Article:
The New Blood Pressure Number You Should Strive For | Men's Health Magazine Australia

The New Blood Pressure Number You Should Strive For

 

 

Diagnosed with high blood pressure? For years, the standard treatment has been to cut your systolic blood pressure – the top number – to less than 140 millimetres of mercury (mm Hg).

 

But that might not be low enough to really protect your heart: reducing your blood pressure even further can add years to your life, research from the New England Journal of Medicine suggests.

In the study, people with high blood pressure who achieved the systolic target of 120 mm Hg or less were 27 per cent less likely to die of any cause over a three-year follow-up than people with high blood pressure who aimed for a systolic reading of 140 mm Hg or less.

 

They were also 38 per cent less likely to develop heart failure and 43 per cent less likely to die due to cardiovascular causes.

 

It’s not really surprising that you’re better off with lower BP, says study coauthor, epidemiologist Dr Paul K. Whelton.

 

High blood pressure means that your heart pumps blood more forcefully, which over time stretches and damages your blood vessels. Then, when fat in your blood – due to high LDL, or bad cholesterol – flows through, it gets caught in the marred vessels and begins to clump inside them.

 

This causes atherosclerosis, or the buildup of plaque inside your arteries, which triggers an inflammatory response throughout your body. As a result, you’re at higher risk of stroke, heart disease, kidney disease and other life-threatening conditions –  all which can lead to death well before your time.

 

 

The more you reduce your blood pressure, as long as you don’t develop low blood pressure, the better it is for your blood vessels, Whelton says. 

 

You just don’t want it to get too low. In the study, those in the lower-target BP group were also at higher risk of developing hypotension, which is defined as a drop in systolic blood pressure of at least 20 points within one minute after standing up. They were also more likely to experience side effects like fainting.

 

 
However, hypotension is preventable with careful monitoring. If your doctor thinks you’re at risk, he’ll have you regularly check your blood pressure at home and adjust your medications accordingly.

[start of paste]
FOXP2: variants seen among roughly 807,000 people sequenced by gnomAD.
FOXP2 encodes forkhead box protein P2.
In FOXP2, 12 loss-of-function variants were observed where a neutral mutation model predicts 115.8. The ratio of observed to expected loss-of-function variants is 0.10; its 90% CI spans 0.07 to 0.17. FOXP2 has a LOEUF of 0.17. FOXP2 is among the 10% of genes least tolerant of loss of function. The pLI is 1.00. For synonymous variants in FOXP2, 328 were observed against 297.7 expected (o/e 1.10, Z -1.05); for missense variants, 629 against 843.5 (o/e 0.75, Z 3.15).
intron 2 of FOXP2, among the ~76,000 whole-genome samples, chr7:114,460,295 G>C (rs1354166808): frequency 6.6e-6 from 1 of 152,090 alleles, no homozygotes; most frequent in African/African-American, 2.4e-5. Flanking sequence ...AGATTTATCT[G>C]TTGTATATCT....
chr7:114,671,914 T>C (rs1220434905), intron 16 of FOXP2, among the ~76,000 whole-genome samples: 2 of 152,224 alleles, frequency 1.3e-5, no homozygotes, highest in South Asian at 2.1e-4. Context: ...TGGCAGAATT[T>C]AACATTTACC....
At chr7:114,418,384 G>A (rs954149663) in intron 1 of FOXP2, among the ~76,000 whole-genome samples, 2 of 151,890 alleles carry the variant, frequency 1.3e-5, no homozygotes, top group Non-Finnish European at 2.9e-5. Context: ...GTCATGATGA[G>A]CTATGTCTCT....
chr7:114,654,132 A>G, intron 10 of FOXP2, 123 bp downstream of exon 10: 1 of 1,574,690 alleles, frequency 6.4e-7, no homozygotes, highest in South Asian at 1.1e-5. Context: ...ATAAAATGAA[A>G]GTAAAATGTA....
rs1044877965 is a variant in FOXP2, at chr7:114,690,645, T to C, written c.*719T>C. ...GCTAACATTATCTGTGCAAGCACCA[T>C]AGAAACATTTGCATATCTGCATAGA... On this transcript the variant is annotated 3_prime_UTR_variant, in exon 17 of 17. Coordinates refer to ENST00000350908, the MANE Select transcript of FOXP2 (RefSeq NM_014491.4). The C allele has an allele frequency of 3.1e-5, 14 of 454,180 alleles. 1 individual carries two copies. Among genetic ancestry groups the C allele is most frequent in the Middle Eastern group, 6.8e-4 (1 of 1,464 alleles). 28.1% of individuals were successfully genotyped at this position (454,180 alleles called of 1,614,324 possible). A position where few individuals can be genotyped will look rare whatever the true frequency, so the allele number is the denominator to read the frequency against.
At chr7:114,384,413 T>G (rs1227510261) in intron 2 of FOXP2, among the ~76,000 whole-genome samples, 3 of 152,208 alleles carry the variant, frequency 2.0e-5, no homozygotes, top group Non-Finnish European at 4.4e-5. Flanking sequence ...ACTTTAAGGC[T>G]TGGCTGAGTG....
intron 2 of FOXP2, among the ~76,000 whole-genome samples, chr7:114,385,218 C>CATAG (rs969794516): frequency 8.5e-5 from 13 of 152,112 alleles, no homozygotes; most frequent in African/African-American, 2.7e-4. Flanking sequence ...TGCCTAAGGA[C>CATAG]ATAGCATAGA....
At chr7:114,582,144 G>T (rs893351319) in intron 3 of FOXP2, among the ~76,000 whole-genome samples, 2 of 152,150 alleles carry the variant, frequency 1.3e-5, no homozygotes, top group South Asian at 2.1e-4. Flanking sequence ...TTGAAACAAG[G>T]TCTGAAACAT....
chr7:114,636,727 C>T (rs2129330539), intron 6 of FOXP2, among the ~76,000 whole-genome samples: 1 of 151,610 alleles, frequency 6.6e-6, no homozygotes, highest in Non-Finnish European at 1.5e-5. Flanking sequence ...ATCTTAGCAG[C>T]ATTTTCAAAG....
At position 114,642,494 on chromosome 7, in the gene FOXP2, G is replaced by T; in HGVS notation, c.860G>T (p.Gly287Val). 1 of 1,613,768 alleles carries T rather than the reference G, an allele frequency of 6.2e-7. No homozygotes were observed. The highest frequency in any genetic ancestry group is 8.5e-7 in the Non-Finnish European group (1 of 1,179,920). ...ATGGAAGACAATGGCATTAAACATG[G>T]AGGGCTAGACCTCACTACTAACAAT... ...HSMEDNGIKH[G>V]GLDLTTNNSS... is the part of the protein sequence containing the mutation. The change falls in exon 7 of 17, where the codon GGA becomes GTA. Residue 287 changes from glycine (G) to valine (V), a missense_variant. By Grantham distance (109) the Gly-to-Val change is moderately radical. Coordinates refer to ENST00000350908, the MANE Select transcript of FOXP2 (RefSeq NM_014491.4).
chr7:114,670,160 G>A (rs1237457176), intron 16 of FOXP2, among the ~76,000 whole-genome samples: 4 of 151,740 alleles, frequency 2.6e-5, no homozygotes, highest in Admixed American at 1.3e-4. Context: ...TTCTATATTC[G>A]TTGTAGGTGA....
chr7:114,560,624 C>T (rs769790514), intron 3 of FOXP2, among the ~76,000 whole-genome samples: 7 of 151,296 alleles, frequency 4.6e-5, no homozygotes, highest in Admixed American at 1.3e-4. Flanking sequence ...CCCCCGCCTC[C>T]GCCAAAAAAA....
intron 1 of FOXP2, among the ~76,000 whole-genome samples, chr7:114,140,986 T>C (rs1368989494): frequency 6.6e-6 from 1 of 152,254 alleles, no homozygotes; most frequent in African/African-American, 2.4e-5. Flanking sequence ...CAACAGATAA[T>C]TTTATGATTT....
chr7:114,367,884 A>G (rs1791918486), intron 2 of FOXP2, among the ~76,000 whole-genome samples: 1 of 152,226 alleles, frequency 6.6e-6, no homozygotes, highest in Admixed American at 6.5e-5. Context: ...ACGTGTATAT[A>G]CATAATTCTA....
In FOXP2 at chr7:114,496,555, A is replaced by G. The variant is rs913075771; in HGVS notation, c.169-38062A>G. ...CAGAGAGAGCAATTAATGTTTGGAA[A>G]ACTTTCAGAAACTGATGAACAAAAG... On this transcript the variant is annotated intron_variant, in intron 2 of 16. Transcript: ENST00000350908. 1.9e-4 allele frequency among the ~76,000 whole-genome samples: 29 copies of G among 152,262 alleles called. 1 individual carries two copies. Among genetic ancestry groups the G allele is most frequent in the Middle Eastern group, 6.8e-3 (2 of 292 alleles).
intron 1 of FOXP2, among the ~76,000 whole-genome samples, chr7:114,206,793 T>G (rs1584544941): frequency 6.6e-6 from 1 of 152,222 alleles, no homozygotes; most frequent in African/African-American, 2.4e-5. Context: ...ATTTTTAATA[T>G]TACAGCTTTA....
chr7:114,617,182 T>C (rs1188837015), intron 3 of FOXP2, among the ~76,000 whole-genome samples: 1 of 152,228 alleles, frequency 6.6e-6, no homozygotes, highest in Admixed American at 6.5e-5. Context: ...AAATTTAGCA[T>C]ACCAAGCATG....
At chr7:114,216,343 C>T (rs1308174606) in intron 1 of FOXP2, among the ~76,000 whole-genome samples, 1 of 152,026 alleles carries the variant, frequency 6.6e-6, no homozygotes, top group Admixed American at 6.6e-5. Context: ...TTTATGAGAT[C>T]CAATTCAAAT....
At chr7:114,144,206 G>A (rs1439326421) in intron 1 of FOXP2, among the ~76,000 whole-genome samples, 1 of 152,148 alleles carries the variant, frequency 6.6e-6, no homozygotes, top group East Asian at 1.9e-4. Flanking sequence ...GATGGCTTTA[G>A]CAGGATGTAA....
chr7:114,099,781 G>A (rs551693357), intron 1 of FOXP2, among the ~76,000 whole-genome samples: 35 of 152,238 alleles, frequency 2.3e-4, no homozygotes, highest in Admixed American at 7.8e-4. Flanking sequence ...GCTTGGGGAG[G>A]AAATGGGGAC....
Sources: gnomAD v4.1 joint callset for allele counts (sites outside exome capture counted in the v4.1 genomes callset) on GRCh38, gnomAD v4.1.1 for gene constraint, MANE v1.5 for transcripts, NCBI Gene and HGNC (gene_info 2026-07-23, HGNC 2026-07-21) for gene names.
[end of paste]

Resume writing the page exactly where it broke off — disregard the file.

While the study looked at people 50 and older, Whelton believes younger guys can reap the benefits of achieving a lower systolic blood pressure, too.

 

In fact, it may even be more beneficial for young guys with high BP to lower that number, he says. More years of plaque buildup means a greater lifetime risk of a heart attack or stroke.

 

Of course, talk to your doctor about the risks and benefits of shooting for a lower number. 

 

For one, it’s not easy to do. And in order to get it into the optimum zone, dietary changes won’t always do the trick. Multiple meds are often needed, says Whelton. So discuss with your doctor whether adding more drugs – which increases your chances of side effects – to get there is worth the risk.

 

 

 

By Mens Health Staff

More From

Finding balance: how yoga can help you defy ageing

Finding balance: how yoga can help you defy ageing

Step into the world of wellness with Manoj Dias, your aficionado and fearless trend-chaser. In this column, we're delving deep into the hottest and obscure wellness trends and having candid conversations with pop culture icons. Our mission? Demystify wellness and bring it down to earth for all. First up, Dias recalls his first yoga class and reveals how the ancient practice can help fortify your mind and body as you age.

Isaac Humphries is unshackled

Isaac Humphries is unshackled

After coming out in November 2022, the Adelaide 36ers centre remains the only openly gay professional basketball player in the world. With the NBL's Champion Pride Round underway, Humphries reflects on his journey and the reasons why he’s playing the best basketball of his career.